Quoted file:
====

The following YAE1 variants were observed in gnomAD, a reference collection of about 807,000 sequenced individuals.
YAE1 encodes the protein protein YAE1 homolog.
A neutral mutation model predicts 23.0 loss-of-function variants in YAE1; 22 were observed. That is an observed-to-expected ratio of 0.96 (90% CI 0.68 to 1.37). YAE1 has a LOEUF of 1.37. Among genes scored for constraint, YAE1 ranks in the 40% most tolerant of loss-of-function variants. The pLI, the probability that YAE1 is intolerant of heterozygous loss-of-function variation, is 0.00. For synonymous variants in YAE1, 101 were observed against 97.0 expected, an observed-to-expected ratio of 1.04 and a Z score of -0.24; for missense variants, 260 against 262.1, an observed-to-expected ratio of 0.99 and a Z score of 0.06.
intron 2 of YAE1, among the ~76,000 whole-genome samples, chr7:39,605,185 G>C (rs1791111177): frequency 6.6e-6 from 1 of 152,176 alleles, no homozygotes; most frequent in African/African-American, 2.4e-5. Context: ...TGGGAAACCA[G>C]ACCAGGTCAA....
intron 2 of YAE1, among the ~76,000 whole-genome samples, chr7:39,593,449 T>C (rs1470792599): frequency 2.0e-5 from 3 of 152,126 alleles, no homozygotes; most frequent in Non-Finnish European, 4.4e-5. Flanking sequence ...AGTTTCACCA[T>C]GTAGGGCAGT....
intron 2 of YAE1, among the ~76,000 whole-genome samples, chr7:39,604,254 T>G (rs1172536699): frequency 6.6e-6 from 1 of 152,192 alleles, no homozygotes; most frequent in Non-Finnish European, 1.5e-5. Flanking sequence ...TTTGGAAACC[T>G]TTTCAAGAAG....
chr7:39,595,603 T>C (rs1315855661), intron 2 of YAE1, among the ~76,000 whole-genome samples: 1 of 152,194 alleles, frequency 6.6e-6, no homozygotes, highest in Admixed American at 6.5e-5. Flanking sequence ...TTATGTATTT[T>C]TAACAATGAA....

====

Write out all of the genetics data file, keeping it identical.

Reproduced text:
The following YAE1 variants were observed in gnomAD, a reference collection of about 807,000 sequenced individuals.
YAE1 encodes the protein protein YAE1 homolog.
A neutral mutation model predicts 23.0 loss-of-function variants in YAE1; 22 were observed. That is an observed-to-expected ratio of 0.96 (90% CI 0.68 to 1.37). YAE1 has a LOEUF of 1.37. Among genes scored for constraint, YAE1 ranks in the 40% most tolerant of loss-of-function variants. The pLI, the probability that YAE1 is intolerant of heterozygous loss-of-function variation, is 0.00. For synonymous variants in YAE1, 101 were observed against 97.0 expected, an observed-to-expected ratio of 1.04 and a Z score of -0.24; for missense variants, 260 against 262.1, an observed-to-expected ratio of 0.99 and a Z score of 0.06.
intron 2 of YAE1, among the ~76,000 whole-genome samples, chr7:39,605,185 G>C (rs1791111177): frequency 6.6e-6 from 1 of 152,176 alleles, no homozygotes; most frequent in African/African-American, 2.4e-5. Context: ...TGGGAAACCA[G>C]ACCAGGTCAA....
intron 2 of YAE1, among the ~76,000 whole-genome samples, chr7:39,593,449 T>C (rs1470792599): frequency 2.0e-5 from 3 of 152,126 alleles, no homozygotes; most frequent in Non-Finnish European, 4.4e-5. Flanking sequence ...AGTTTCACCA[T>C]GTAGGGCAGT....
intron 2 of YAE1, among the ~76,000 whole-genome samples, chr7:39,604,254 T>G (rs1172536699): frequency 6.6e-6 from 1 of 152,192 alleles, no homozygotes; most frequent in Non-Finnish European, 1.5e-5. Flanking sequence ...TTTGGAAACC[T>G]TTTCAAGAAG....
chr7:39,595,603 T>C (rs1315855661), intron 2 of YAE1, among the ~76,000 whole-genome samples: 1 of 152,194 alleles, frequency 6.6e-6, no homozygotes, highest in Admixed American at 6.5e-5. Flanking sequence ...TTATGTATTT[T>C]TAACAATGAA....